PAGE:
Michael Jackson’s Personal Photographer Remembers How They Met

Source: New Republic – By Anna Hiatt| MJWN | All Things Michael

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Harrison Funk remembers being captivated by Michael Jackson’s eyes. “Michael had the most beautiful eyes I’ve ever photographed,” he told me recently. “They were large. They were expressive. They were deep. I don’t mean that physically. It was a picture into his soul. I think Michael, he knew in every picture what he wanted to convey. Even when he was completely natural he could convey a message to the camera.”

Funk began shooting Michael in the early 1980s and continued on and off until his death five years ago on June 25, 2009. Funk was in his twenties when he made his first shot of Michael, before the singer launched his solo career. Funk had been invited to a party at New York City’s Tavern on the Green, and he found himself shooting pictures of Michael and the rest of the Jackson family backstage. Shortly afterward, Funk got a call from Michael’s publicist, inviting him to Los Angeles. Without promise of a job or even reimbursement, Funk got on the plane.

He remembers the day that he and Michael connectedreally connectedfor the first time. Tito Jackson’s kids were playing in a softball game, and while a couple of the brothers hung out on the sidelines, Michael sat by himself in a parked car down the block. When he saw Funk approach, Michael told him to get in and the two sat talking about “everything in the world, and baseball.”

Michael Jackson 1958-2009 King of Pop

“Michael used to do something when he wanted the attention of the camera. He would practice his moves. Like when he’d go ‘hee hee,’ and I could tell that was the moment to pick up my camera and shoot.” ~ Harrison Funk

Funk chronicled Jackson’s career, starting with the Jacksons’ Victory Tour in 1984 and Michael’s first solo tour, Bad (1987-89). “He taught me so much about observing, seeing the moment and capturing the moment,” Funk said. “He taught me so much about perfection and Michael was a perfectionist. He wanted everything to be just so, even when it was spontaneous, it was just so. That was part of his brilliance, the ability to make that happen without any effort.”

Access and trust are key to making documentary images, especially with publicity-conscious celebrities. “I was just myself,” Funk said. “There was no pretense. I am who I am. I was open, and they knew that no picture would leave my hands without approval. And it got to the point to the middle of the tour where I was able to approve images. They trusted me.”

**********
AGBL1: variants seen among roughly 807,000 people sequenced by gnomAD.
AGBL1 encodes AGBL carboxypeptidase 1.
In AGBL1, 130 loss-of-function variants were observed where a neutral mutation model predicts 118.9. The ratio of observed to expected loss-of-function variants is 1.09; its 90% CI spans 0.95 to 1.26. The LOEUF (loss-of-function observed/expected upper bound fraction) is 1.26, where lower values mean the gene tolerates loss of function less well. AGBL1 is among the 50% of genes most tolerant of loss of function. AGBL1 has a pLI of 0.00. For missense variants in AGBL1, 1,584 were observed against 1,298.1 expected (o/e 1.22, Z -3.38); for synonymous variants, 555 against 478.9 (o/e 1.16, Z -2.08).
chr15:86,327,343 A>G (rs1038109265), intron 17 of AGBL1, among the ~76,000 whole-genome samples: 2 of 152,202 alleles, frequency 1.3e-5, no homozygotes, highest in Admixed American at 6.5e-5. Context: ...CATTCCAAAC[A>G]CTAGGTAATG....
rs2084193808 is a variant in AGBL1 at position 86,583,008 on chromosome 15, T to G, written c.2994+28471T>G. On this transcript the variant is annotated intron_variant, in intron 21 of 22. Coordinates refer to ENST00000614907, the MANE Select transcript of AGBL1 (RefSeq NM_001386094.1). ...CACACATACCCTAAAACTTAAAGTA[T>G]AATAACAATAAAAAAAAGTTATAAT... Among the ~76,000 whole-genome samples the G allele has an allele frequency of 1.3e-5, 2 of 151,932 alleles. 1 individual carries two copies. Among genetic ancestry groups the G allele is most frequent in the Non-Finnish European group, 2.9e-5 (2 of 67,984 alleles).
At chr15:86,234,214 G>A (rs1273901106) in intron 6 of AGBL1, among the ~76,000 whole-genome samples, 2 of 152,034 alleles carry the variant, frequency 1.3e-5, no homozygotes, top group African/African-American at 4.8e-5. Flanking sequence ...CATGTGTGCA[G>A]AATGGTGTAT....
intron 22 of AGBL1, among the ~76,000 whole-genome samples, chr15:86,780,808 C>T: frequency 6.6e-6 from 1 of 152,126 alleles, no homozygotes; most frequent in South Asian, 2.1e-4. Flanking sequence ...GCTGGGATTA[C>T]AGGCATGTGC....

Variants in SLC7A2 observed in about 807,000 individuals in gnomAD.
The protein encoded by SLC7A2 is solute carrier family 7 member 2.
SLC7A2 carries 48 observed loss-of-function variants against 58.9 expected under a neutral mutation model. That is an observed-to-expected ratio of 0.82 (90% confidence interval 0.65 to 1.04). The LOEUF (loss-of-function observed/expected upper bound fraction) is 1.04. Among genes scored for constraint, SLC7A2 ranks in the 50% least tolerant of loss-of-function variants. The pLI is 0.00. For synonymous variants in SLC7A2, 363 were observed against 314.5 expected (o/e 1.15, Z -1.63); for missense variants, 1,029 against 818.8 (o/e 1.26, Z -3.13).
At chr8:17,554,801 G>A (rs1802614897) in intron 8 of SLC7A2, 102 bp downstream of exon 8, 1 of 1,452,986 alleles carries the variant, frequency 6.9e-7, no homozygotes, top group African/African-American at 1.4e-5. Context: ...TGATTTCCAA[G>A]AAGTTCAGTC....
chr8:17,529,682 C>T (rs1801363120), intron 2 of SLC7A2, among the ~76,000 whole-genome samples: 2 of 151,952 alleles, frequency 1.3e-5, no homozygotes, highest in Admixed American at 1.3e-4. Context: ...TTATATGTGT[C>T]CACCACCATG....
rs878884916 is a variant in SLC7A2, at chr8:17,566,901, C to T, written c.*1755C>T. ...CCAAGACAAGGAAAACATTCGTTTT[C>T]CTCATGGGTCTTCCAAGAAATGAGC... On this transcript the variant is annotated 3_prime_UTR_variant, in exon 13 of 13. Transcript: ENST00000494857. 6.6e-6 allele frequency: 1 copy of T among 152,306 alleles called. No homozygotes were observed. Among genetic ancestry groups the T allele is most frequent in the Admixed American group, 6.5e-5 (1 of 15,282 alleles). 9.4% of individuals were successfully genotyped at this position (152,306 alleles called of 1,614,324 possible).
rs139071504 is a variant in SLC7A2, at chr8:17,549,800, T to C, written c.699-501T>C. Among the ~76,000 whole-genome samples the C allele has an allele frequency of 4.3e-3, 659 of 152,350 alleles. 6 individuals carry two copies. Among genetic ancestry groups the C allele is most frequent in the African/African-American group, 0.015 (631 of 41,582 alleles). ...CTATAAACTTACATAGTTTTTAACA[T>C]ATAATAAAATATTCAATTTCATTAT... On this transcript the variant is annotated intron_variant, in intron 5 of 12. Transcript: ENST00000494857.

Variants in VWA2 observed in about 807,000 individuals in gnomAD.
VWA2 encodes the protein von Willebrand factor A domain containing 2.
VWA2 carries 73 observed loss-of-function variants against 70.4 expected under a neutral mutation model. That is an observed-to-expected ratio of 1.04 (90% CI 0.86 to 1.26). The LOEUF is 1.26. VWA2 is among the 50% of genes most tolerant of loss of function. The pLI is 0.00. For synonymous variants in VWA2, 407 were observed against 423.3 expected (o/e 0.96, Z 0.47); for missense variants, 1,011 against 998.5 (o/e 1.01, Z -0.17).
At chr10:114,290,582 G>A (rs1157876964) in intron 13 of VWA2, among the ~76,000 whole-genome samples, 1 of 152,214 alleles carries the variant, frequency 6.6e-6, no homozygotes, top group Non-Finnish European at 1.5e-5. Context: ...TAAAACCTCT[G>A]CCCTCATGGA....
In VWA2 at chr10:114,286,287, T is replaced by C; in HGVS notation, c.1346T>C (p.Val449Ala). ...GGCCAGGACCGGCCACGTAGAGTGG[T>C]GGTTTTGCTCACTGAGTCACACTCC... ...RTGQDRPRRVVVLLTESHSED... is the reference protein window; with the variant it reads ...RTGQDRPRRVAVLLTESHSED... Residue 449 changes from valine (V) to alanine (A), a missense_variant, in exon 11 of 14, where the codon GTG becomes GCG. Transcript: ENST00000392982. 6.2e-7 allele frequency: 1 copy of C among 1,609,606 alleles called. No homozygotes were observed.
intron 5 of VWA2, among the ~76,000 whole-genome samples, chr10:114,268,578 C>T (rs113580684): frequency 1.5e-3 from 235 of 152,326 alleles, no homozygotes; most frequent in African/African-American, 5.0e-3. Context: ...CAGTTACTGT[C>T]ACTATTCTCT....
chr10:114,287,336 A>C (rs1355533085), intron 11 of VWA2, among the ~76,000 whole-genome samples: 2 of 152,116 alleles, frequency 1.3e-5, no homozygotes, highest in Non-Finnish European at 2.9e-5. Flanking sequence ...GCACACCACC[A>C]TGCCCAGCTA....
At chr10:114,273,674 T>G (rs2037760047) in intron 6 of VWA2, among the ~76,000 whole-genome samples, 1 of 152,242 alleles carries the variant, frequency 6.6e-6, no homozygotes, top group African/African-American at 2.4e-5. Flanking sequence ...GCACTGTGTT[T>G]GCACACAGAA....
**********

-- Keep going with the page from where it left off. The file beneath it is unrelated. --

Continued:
"I think that image represents a slice of the 80s and the culture of the 80s that's unbelievable. Here you have the first African American man running for president, Jesse, and the most famous human being alive, and Jesse is giving him advice." ~ Harrison Funk

“I think that image represents a slice of the 80s and the culture of the 80s that’s unbelievable. Here you have the first African American man running for president, Jesse, and the most famous human being alive, and Jesse is giving him advice.” ~ Harrison Funk

Funk remembers vividly the day he photographed Jesse Jackson and Michael Jackson. Jesse was running for president, and he was planning to attend an NAACP convention the candidate near a location where Michael would be performing. The candidate asked for a meeting with the pop star to talk about how few black workers the pop star had on his crew.

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Funk and Jesse Jackson’s personal photographer, Bruce Talamon, sat on the floor shooting as the two Jacksons talked, and suddenly Jesse turned and dismissed his photographer. “’Alright, photo op’s over.’ Michael turns to me and says, ‘Harrison, stay.’” Turning back to Jesse, Michael said, ‘My photographer shoots everything.’”

"He got to meet Kermit!" ~ Harrison Funk

“He got to meet Kermit!” ~ Harrison Funk

Musicians started restricting photographic access in the 80s, Funk remembers. “They didn’t want to be photographed snorting a pound of coke.” But Michael Jackson and his family were different, and to them, Funk was a friend. They welcomed him onto the tour and into their lives.

“He liked to play practical jokes, and he liked to have fun. He was a big kid. There was one food fight where I wore a bucket of shrimp…after they poured it all over me,” Funk said.

Michael Jackson 1958-2009 King of Pop

Harrison Funk

Michael Jackson - King of Pop 1958-2009

Harrison Funk